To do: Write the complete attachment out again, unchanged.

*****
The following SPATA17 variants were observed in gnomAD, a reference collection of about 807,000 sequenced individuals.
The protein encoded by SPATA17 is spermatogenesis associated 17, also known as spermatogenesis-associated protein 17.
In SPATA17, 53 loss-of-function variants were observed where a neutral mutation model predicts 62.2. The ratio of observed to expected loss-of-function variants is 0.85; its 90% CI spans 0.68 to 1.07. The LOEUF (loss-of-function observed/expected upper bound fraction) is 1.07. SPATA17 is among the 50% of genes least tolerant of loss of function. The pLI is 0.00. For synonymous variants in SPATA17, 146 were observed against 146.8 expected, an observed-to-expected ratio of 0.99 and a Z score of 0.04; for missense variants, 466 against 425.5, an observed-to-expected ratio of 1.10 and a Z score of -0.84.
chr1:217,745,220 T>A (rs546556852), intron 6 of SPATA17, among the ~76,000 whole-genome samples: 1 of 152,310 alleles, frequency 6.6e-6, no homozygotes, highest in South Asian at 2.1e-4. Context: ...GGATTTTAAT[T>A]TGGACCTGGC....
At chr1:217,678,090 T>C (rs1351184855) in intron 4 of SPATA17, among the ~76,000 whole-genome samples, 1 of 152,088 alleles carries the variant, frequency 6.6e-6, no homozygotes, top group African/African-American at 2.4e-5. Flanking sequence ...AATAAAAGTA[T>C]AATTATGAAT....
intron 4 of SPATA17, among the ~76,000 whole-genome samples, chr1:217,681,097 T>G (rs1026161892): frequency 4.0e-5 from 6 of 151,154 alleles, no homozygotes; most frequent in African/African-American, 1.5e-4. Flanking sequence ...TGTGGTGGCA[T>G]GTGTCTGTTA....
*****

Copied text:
The following SPATA17 variants were observed in gnomAD, a reference collection of about 807,000 sequenced individuals.
The protein encoded by SPATA17 is spermatogenesis associated 17, also known as spermatogenesis-associated protein 17.
In SPATA17, 53 loss-of-function variants were observed where a neutral mutation model predicts 62.2. The ratio of observed to expected loss-of-function variants is 0.85; its 90% CI spans 0.68 to 1.07. The LOEUF (loss-of-function observed/expected upper bound fraction) is 1.07. SPATA17 is among the 50% of genes least tolerant of loss of function. The pLI is 0.00. For synonymous variants in SPATA17, 146 were observed against 146.8 expected, an observed-to-expected ratio of 0.99 and a Z score of 0.04; for missense variants, 466 against 425.5, an observed-to-expected ratio of 1.10 and a Z score of -0.84.
chr1:217,745,220 T>A (rs546556852), intron 6 of SPATA17, among the ~76,000 whole-genome samples: 1 of 152,310 alleles, frequency 6.6e-6, no homozygotes, highest in South Asian at 2.1e-4. Context: ...GGATTTTAAT[T>A]TGGACCTGGC....
At chr1:217,678,090 T>C (rs1351184855) in intron 4 of SPATA17, among the ~76,000 whole-genome samples, 1 of 152,088 alleles carries the variant, frequency 6.6e-6, no homozygotes, top group African/African-American at 2.4e-5. Flanking sequence ...AATAAAAGTA[T>C]AATTATGAAT....
intron 4 of SPATA17, among the ~76,000 whole-genome samples, chr1:217,681,097 T>G (rs1026161892): frequency 4.0e-5 from 6 of 151,154 alleles, no homozygotes; most frequent in African/African-American, 1.5e-4. Flanking sequence ...TGTGGTGGCA[T>G]GTGTCTGTTA....